Stupid rain. It was raining really hard but I had to leave the house. Umbrellas are totally useless in a situation of pouring rain - they are only ever any use in light rain. And I'm really irritated that I forgot my own rule of not wearing pants in the rain and wearing a skirt instead, because your legs always get wet and bare legs will dry quicker. So now my entire back half is soaking wet. At least I preserved my blowdried-straight hair.

I wasn't in a good mood before, because I got a letter from the Australian Electoral Commission explaining that I will not be able to vote on Saturday because they only received my change of enrolment details after the deadline. Stupid, stupid fax machine! This only cements my hatred of that dumb, unreliable technology. Then I called up and asked if I could still vote under my old address, and it seems that in a strange burst of efficiency, they have erased me from the electoral roll entirely because a letter they sent to the old address was returned to sender.

The woman on the phone explained that I could do a "provisional" vote which is what they tell people who think they ought to be on the electoral roll. I said tersely, "That's basically a placebo vote, isn't it?"
She said "Yes, I'm afraid it is."
I wanted to scream at her but after all, it's not her fault.

And then I made myself a cup of tea and put on Nelly singing about some chick with an apple bottom in jeans. And I was just about to cry, which made me even angrier because it's not as though my vote counts for anything anyway. That fucking arsehole John Howard is going to get back in regardless of what I vote.

And I'm worried because now it's the last week of my show, all those pressing issues that I pushed back saying "I'll deal with this after the show" are all jostling forward again. Like:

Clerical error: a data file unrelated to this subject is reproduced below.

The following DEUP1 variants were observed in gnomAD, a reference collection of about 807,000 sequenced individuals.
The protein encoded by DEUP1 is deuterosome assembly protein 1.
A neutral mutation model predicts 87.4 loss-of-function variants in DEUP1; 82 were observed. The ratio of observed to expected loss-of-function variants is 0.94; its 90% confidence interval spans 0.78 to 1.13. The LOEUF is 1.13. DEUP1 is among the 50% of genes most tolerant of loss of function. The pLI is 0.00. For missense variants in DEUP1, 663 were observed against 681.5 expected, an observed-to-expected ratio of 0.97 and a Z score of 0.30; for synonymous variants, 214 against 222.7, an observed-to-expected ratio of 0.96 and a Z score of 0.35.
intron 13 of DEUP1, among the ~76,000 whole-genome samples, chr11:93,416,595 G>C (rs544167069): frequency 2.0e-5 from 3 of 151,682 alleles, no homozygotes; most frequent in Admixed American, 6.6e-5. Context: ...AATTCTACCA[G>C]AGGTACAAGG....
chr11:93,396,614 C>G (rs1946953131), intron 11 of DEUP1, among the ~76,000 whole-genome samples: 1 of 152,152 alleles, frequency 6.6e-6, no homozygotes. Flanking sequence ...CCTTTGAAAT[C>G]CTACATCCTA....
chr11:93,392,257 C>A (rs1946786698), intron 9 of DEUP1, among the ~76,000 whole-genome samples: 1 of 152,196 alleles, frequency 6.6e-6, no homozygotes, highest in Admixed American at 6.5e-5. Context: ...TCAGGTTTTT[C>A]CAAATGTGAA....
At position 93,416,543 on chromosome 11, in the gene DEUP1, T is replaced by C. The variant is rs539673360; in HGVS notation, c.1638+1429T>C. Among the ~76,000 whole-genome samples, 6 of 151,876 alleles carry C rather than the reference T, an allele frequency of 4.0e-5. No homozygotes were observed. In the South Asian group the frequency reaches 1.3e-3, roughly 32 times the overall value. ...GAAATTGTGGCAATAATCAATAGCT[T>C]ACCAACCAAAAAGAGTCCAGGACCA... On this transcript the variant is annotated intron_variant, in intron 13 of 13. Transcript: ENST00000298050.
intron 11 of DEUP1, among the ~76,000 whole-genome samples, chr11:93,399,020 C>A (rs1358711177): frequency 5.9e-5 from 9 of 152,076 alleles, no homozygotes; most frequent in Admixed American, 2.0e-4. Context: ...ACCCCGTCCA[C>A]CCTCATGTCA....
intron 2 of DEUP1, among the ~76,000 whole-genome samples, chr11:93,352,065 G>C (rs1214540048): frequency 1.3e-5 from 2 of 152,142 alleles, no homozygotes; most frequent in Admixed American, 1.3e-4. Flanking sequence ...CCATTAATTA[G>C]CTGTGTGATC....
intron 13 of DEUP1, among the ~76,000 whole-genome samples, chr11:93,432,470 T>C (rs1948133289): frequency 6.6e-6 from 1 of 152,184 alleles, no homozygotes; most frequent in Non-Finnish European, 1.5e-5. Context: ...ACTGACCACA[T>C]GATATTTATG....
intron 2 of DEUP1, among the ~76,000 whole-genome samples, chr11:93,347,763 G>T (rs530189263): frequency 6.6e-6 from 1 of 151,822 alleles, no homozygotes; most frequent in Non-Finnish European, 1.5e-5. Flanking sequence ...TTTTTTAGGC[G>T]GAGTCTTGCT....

* RACV membership needing renewal
* Final notice on mobile phone bill
* Can't pay 'em as have exhausted my funds paying for the show out of my own pocket
* Need to reconnect home phone and find some way out of Optus bill/account name nightmare
* Can't make any calls from home as home phone disconnected
* Need to find two new housemates but prospective ones can't call as home phone disconnected
* Don't have computer monitor or internet access at home. Uni department sent round pointed email saying "only currently enrolled students can use computers"
* Can't get 'em as have no credit card. Credit card application refused because I don't earn enough/have bad credit rating
* Need to persuade department to let me be some kind of "honorary research associate" so I can continue to use their facilities and keep my institutional affiliation
* They would never give me such a position because my MA results were so poor, even though I have shitloads of publications
* Plus I need to use a computer to prepare my CV
* Need to do tax return
* Need to get more freelancing work
* Again, need to use a computer to do those. Whose computer?

The Headtapes... continued.

Monday 4 October

I Wanna Wake Up With You - Boris Gardiner
Nothing's Gonna Change My Love for You - Glenn Medeiros
Stand Up Tall - Dizzee Rascal
Teach Me Tiger - April Stevens
That's What Friends Are For - Dionne Warwick, Stevie Wonder, Elton John
Quando, Quando, Quando - Engelbert Humperdinck
Jackie - Joanne
Thriller - Michael Jackson

Tuesday 5 October

Thriller - Michael Jackson
Pavane - Fauré
Bootylicious - Destiny's Child
Rock Your Body - Justin Timberlake
Never Be the Same Again - Melanie C
Private Eye - Nokia ringtone
Come On Over - Christina Aguilera
Left Outside Alone - Anastacia
Boom, Boom, Boom - Paul Lekakis
Mercy, Mercy, Mercy - Cannonball Adderley

Wednesday 6 October

You Don't Have to Say You Love Me - Dusty Springfield
Thriller - Michael Jackson
Move Ya Body - Nina Sky

Thursday 7 October

Move Ya Body - Nina Sky
Thriller - Michael Jackson

Sunday, October 03, 2004

Today is St Francis of Assisi's feast day. Apparently you can take your pets to church to get blessed by the priest. Last night we were discussing this because Roland was under the hammer from his other half to bring his dogs to church.
Rian said, "Does the priest anoint them with holy water?"
I said, "Do they bark in tongues?"
Rian laughed this wonderful high-pitched laugh like a woman. It was so great.

Just now I'm thinking: would the dogs drink out of the font like they would from a toilet? Would they hump the altar? Would they get into fights? It seems like a really dumb and sacrilegious combination, dogs and church. Yet really good too, in an anarchic Rodney Dangerfield/John Belushi kind of way.

Friday, October 01, 2004

A wonderful moment of silliness from last night's show. In the infamous 'last verse of the last song', I freestyled the following:
I'm so hot it almost hurts-y!

Penny laughed raucously. I love Penny. Reliving this moment for the bar staff, I added "And I'm getting thirsty!"